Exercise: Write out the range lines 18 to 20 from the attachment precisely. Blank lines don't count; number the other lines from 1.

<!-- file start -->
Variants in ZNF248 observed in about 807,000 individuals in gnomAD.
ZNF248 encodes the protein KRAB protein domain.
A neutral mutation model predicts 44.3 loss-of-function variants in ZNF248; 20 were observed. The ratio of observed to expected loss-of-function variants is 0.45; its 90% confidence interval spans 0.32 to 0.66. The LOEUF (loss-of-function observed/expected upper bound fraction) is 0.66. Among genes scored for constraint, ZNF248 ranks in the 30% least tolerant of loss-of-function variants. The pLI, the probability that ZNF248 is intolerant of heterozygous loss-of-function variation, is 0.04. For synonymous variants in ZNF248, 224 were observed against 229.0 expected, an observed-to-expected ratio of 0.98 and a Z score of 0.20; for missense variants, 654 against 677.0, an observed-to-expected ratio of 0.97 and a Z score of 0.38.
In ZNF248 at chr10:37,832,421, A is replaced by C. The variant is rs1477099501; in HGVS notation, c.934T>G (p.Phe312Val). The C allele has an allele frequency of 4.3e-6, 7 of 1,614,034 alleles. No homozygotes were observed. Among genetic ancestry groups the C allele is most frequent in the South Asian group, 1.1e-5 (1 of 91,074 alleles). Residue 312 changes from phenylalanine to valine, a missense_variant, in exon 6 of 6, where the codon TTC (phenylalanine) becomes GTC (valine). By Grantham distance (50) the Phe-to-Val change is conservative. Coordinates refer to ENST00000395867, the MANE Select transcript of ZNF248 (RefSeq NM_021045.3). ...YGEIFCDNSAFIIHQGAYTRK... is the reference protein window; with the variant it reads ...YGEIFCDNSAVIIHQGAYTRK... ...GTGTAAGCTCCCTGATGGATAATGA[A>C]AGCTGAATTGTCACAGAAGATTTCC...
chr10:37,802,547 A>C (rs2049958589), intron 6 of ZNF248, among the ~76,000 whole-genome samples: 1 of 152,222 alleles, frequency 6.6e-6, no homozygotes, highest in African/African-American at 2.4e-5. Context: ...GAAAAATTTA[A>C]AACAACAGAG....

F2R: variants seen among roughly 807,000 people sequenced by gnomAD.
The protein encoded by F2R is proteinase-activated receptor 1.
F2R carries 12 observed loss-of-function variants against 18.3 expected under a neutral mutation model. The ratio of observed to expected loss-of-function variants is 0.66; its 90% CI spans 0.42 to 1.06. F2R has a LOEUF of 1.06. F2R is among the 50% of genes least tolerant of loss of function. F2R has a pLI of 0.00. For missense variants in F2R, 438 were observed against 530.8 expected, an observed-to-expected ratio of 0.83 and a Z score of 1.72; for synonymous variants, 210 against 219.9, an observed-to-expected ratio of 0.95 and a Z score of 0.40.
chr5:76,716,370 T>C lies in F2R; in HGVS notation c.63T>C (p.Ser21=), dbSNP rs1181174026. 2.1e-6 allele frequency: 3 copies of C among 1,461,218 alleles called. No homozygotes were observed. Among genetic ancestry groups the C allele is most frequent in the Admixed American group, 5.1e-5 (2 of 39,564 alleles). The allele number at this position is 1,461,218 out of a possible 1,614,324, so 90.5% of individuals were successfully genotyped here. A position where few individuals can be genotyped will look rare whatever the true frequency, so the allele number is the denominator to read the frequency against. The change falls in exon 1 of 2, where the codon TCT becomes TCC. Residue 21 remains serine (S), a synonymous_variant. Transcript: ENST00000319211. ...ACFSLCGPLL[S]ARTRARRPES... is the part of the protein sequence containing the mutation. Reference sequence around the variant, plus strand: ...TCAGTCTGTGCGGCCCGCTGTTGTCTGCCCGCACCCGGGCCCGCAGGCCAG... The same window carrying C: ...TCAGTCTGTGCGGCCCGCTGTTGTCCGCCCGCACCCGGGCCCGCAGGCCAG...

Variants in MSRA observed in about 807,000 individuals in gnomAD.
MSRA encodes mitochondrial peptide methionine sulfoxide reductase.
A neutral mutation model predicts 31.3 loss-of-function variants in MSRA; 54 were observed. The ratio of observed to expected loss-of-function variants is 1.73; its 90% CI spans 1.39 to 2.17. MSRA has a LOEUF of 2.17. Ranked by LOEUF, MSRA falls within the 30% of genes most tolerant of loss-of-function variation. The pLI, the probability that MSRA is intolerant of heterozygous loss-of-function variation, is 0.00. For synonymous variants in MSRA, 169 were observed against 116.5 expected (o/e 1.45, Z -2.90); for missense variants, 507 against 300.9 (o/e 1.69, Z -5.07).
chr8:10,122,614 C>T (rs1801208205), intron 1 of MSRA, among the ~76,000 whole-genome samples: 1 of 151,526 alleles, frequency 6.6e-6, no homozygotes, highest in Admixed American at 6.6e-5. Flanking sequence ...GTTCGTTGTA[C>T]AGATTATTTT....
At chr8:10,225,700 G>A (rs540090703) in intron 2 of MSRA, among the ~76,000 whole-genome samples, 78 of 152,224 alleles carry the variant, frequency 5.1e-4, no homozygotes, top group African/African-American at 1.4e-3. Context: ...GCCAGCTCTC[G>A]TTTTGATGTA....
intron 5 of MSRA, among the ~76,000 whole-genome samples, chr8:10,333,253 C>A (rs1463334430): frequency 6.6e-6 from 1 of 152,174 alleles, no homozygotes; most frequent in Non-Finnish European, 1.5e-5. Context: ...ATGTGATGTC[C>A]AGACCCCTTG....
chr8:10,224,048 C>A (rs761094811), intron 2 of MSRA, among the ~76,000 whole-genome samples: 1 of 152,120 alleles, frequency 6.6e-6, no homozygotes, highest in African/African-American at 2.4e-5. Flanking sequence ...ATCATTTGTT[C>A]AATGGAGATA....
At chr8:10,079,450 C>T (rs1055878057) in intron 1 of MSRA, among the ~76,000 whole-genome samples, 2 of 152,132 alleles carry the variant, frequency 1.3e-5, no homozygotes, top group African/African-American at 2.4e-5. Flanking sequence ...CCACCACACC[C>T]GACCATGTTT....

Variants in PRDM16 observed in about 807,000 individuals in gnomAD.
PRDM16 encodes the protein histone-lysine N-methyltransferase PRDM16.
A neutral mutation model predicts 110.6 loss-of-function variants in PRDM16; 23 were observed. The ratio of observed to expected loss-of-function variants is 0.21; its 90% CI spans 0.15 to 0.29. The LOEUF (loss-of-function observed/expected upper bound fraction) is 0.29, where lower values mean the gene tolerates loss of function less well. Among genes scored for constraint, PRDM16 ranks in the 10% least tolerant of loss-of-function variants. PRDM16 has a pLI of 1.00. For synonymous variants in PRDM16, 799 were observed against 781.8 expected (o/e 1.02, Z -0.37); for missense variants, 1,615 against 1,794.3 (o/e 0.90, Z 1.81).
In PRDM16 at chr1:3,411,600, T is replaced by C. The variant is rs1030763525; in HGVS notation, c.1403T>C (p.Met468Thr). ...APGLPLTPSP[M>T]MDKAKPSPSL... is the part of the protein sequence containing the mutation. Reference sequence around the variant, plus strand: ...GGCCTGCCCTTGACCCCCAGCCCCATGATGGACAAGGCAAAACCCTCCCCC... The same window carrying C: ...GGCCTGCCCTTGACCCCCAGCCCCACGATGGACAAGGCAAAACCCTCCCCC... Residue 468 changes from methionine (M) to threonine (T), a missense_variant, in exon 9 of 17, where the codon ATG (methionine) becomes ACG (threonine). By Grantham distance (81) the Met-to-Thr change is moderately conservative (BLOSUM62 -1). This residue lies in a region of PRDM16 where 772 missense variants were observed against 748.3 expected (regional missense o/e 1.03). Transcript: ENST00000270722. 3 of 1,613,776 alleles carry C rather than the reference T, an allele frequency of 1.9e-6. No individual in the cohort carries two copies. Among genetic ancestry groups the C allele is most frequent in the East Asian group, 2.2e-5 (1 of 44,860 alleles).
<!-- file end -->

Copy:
Variants in PRDM16 observed in about 807,000 individuals in gnomAD.
PRDM16 encodes the protein histone-lysine N-methyltransferase PRDM16.
A neutral mutation model predicts 110.6 loss-of-function variants in PRDM16; 23 were observed. The ratio of observed to expected loss-of-function variants is 0.21; its 90% CI spans 0.15 to 0.29. The LOEUF (loss-of-function observed/expected upper bound fraction) is 0.29, where lower values mean the gene tolerates loss of function less well. Among genes scored for constraint, PRDM16 ranks in the 10% least tolerant of loss-of-function variants. PRDM16 has a pLI of 1.00. For synonymous variants in PRDM16, 799 were observed against 781.8 expected (o/e 1.02, Z -0.37); for missense variants, 1,615 against 1,794.3 (o/e 0.90, Z 1.81).